We liked Mercenaries 2, but after some of our competitors unfairly kicked its face off you%26rsquo;d be forgiven for thinking we reviewers relish the opportunity to stomp a game%26rsquo;s head in. Nothing could be further from the truth. For one thing, bad games make for hard work. First, you have to play long enough to form an educated and authoritative critique. Then, you have to write several hundred words on something truly awful in a manner which your readers will find engaging, even though the game has stolen every ounce of your fading holiday buzz, and all you really want to say is %26ldquo;DIE DIE DIE DIE DIE DIE DIE DIE%26rdquo;.
The very worst game reviews are laundry lists of good and bad points %26ndash; this is good but this is bad, but that%26rsquo;s okay because this is good %26ndash; bemoaning the faults and apologising for them by way of the stronger points. It%26rsquo;s the easiest review any writer can bang out, but even for that you need one redeeming quality. Just one, Pandemic. Just one would have been enough. Now, Star Wars: Battlefront was a pretty strong game. Even now, it sits just behind Halo 2 as the second most played online videogame on the original Xbox. It%26rsquo;s obvious why you%26rsquo;d think the same trick would work for the Lord of the Rings franchise; it%26rsquo;s all about the epic battles, after all. Fans of the book would probably dispute that, but %26ndash; hey! %26ndash; what do the nerds know, right?
It might have worked, too. EA did a fine job banging out three LOTR games cribbing from the Dynasty Warriors template, didn%26rsquo;t they? And those games were produced by the guys who did Greg Hastings Tournament Paintball, and the unfortunately named and now defunct Stormfront Studios, so how hard could it be, right? Well, you sure showed them. Battlefront managed a thoroughly decent bit of shooty-shooty-bang-bang between Empire and Rebel forces, but Conquest takes its cue from Dynasty Warriors and makes the combat so intangible and repetitive, and the combo system so incompetent there%26rsquo;s not a single decent punch-up to be had.
Where Battlefront looked good, Conquest is Keith Richards; where Battlefront had interesting and almost-balanced character classes, Conquest has a band of wooden-legged freaks who moonwalk like the Former King of Pop; where Battlefront had fun vehicles to pilot and fight, Conquest has the gimpiest horses since Two Worlds, and Cave Trolls and Ents which, frankly, look like claymation diarrhea.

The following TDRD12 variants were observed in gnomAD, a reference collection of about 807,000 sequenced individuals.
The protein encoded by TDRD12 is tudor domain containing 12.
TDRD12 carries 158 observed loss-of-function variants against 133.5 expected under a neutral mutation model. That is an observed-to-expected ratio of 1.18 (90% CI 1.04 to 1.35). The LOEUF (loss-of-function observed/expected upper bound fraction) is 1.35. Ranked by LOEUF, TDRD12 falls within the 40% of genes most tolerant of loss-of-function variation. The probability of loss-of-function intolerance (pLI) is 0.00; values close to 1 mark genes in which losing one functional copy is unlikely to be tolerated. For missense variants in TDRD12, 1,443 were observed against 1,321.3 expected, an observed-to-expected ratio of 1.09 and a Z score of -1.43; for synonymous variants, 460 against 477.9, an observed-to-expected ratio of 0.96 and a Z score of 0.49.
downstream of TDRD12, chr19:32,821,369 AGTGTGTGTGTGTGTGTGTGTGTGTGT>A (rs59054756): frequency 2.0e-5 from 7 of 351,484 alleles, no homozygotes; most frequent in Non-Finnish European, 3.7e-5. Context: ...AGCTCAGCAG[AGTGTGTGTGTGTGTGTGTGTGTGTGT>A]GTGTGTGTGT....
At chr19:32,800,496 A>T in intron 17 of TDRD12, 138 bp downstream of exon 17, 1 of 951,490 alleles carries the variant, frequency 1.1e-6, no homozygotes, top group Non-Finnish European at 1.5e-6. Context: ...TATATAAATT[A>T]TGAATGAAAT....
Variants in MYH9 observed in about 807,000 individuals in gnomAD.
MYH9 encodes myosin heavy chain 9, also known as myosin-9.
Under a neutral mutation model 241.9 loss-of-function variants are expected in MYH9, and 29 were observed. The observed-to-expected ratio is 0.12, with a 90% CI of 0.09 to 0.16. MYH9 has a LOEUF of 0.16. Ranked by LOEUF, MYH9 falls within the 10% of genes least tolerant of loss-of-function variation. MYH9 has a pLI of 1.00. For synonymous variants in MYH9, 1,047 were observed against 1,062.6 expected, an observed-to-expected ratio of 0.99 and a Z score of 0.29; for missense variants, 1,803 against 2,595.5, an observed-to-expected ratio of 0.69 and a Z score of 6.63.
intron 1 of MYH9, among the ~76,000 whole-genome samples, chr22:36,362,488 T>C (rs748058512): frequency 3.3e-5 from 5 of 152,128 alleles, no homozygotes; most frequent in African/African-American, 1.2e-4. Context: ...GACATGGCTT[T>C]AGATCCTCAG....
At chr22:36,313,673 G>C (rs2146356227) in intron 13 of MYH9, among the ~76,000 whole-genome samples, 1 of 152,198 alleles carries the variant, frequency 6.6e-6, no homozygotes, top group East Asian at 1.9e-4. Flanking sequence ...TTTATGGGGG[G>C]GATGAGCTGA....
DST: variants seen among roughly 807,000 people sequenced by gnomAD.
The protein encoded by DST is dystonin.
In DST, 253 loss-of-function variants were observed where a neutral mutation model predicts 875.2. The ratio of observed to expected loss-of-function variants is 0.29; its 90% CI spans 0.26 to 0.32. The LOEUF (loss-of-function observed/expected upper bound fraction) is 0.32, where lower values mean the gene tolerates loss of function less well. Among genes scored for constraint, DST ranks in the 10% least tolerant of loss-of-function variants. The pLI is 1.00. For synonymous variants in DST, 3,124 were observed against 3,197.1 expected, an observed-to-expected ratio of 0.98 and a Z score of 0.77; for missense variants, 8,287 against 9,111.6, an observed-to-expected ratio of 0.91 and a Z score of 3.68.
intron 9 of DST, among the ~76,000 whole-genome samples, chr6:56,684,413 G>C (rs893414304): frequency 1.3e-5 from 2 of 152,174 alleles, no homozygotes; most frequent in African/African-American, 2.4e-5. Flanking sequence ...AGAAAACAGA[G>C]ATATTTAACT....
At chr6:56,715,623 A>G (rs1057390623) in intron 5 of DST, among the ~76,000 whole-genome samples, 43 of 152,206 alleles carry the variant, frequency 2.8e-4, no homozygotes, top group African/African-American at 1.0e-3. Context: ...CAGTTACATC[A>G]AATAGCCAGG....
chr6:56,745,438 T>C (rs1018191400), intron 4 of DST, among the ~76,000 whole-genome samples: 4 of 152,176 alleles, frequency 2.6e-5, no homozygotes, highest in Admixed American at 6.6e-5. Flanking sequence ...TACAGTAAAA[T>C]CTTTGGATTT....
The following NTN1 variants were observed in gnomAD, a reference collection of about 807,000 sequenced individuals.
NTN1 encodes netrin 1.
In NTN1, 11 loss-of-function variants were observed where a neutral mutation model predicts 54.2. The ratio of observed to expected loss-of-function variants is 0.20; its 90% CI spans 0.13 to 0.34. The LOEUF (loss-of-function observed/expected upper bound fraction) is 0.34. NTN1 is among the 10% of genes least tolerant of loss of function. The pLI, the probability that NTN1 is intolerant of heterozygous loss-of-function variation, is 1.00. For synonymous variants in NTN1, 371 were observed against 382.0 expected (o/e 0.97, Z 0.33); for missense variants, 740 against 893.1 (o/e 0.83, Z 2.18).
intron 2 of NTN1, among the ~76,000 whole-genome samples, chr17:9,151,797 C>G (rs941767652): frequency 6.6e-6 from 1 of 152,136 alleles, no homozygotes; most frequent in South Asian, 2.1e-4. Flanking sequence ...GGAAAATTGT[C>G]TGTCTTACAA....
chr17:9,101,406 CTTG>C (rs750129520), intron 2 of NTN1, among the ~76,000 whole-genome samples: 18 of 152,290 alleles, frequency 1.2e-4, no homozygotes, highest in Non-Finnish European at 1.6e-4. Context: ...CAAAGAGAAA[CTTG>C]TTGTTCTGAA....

Worst of all, where Battlefront showed respect to its inspiration and paid homage to the license, Conquest is more like an offensive parody. Remember that bit in Tolkien%26rsquo;s masterpiece where the loyal-unto-death lapdog Wormtongue gave his life fighting hordes of Middle Earth%26rsquo;s finest heroes in defense of his beloved boss Saruman, before Gandalf sprinted to the top of his tower to circle-strafe and lightning-zap the bugger to death? And how about the part where every battle was narrated with hilariously bombastic bellowed insights like %26ldquo;YOUR POISON ARROWS ARE POWERFUL. USE THEM!%26rdquo;? That%26rsquo;s right, Pandemic. That didn%26rsquo;t happen, did it? No.
And we know what you%26rsquo;re going to say %26ndash; it%26rsquo;s designed to be played online. But even if you%26rsquo;d built a multiplayer game as magnificent and as robust as Saruman%26rsquo;s tower at Isengard, it would collapse like a house of cards because you%26rsquo;ve built it on foundations of poor mechanics, horrible presentation, dull combat, worthless maps, and total contempt for the mythology. There isn%26rsquo;t an online gamer, Battlefront player, Dynasty Warriors nerd, movie buff, or Lord of the Rings fanatic on Earth who could be satisfied with Conquest. It should ship with the pre-owned sticker already on the box.
We still remember Full Spectrum Warrior, you know. You%26rsquo;re better than this. Much, much, much better.
Jan 14, 2009